Partnership aims to build sustainability

Partnership aims to build sustainability FAO Assistant DG Árni Mathiesen with Wang Xiaohu, President of the Chinese Academy of Fishery Sciences. Photo: FAO

The UN Food and Agriculture Organization (FAO) and the Chinese Academy of Fishery Sciences (CAFS) have agreed to strengthen co-operation and build the capacity and sustainability of fisheries and aquaculture in developing countries.

The intention behind the partnership is to advance the transfer of technology and capacity development through the South-South Cooperation and promote joint efforts to advance global sustainable fisheries and aquaculture management, particularly in the Asia-Pacific region.

"In fisheries and aquaculture China is the biggest in almost everything," said Árni M. Mathiesen, FAO's Assistant Director-General for Fisheries and Aquaculture, at the signing of the agreement with Wang XiaoHu, the President of CAFS, at FAO's headquarters in Rome.

"Therefore, it really goes without saying that cooperation with CAFS is a great asset for FAO," he said, commenting that fisheries and aquaculture have the capacity – if supported and developed in a regulated and environmentally sensitive manner – to contribute significantly to improving the lives and livelihoods of communities in developing countries and help them achieve the UN Sustainable Development Goals.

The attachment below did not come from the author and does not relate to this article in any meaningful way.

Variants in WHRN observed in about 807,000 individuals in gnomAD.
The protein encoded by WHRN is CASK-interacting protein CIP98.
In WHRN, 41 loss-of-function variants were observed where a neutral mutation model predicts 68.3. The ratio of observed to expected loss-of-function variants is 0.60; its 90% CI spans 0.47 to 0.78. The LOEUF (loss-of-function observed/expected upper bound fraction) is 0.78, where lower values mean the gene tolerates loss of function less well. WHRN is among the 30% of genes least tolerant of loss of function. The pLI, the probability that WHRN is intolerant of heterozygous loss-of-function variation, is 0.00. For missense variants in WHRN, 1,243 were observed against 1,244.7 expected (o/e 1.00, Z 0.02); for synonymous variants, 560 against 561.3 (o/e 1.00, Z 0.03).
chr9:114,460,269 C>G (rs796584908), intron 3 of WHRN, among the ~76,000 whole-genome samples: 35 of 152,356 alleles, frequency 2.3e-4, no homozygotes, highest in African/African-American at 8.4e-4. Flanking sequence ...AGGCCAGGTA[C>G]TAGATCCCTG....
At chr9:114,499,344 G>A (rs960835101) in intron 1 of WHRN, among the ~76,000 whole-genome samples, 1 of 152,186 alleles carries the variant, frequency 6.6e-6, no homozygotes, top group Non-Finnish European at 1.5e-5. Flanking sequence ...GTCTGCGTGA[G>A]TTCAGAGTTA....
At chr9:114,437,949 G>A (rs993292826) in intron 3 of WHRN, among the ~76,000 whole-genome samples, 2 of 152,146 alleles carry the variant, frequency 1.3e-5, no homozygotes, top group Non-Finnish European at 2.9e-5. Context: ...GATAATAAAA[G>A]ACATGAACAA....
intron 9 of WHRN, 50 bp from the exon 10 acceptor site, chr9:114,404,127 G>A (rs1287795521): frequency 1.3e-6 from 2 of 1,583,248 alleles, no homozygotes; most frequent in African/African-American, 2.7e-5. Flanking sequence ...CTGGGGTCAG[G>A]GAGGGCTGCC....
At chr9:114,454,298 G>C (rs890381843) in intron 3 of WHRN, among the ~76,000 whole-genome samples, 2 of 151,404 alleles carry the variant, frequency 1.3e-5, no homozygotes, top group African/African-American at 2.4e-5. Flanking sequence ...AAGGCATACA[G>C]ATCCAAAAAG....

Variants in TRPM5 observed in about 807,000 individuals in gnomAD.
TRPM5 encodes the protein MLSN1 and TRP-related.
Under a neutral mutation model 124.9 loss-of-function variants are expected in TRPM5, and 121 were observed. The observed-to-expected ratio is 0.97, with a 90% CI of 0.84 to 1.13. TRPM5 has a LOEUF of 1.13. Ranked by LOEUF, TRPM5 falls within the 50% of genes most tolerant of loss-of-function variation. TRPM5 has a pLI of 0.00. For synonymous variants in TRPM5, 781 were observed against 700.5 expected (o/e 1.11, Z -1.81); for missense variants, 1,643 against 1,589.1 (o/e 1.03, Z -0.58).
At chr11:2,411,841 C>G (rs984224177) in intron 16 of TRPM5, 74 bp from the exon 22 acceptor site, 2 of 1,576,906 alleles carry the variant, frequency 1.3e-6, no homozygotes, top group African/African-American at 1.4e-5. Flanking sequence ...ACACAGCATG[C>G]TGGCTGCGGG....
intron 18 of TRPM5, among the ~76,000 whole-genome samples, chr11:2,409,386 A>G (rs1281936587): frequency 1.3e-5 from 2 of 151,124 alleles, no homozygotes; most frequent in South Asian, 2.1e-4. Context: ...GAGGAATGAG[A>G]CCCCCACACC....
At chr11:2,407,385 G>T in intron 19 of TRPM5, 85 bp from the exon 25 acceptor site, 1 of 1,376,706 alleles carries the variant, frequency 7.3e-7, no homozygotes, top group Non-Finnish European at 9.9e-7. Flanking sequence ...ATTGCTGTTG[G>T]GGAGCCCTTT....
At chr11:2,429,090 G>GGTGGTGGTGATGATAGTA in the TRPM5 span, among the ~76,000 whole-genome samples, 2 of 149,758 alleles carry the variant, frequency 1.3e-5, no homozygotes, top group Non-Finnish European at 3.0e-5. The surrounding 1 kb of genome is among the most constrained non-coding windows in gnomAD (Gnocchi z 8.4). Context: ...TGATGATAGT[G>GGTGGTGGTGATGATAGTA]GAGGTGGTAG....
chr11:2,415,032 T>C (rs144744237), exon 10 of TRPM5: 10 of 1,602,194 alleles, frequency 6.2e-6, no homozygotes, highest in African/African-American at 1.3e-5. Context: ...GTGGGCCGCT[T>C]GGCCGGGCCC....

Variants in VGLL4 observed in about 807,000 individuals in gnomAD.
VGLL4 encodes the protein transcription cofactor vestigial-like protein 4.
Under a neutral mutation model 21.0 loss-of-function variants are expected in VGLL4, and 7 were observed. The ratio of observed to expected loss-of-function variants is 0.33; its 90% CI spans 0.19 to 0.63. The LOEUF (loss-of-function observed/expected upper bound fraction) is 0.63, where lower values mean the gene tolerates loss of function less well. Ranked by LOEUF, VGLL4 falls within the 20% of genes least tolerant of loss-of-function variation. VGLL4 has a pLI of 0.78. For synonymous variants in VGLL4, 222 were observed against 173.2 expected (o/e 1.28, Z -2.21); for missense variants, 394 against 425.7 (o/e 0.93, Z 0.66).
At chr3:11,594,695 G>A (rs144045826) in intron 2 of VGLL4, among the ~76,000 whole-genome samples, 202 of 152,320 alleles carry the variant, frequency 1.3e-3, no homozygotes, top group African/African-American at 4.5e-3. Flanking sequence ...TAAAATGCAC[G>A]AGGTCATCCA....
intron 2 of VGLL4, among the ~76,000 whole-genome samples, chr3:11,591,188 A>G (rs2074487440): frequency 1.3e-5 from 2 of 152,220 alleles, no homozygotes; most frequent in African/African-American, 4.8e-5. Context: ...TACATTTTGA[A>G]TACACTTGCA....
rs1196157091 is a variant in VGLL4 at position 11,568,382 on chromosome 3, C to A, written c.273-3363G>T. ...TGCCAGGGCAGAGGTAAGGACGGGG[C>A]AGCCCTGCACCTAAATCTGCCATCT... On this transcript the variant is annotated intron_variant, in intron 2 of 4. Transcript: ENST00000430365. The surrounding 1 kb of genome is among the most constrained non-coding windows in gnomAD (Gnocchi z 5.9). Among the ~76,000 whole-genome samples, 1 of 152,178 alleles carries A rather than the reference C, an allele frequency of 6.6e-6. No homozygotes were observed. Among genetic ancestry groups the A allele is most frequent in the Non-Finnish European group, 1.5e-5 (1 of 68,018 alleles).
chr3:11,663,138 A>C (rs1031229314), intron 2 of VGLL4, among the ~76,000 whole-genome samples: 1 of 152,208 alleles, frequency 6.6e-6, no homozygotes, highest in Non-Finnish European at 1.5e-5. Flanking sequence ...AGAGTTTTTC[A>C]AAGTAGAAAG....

FAO's agreement with the Chinese academy, which is affiliated with China's Ministry of Agriculture and Rural Affairs, is a valuable way to advance that commitment amid the worsening threat of climate change.

Under the accord, FAO and CAFS will facilitate joint seminars and workshops, information exchange and technology transfers. The partners will support initiatives to promote climate impact mitigation and adaption and help build the resilience of fishers and others working in the sector, while strengthening efforts to increase the regulation and safety of fish products for regional and global trade.

South-South – together with Triangular Cooperation which involves third countries and other partners - breaks the traditional dichotomy between donors and recipients and has been effective in creating jobs, building infrastructure and promoting trade.

This year marks the 10th anniversary of the FAO-China South-South Cooperation Programme (SSC), which has benefited more than 70,000 people directly in 12 developing countries in sub-Saharan Africa and Asia.

Since FAO and China established the SSC Programme in 2009, experts from China have shared their knowledge and technologies with farmers in Africa and Asia to raise agricultural productivity and sustainability in areas such as cereal production, animal husbandry, fisheries and aquaculture, and other areas.

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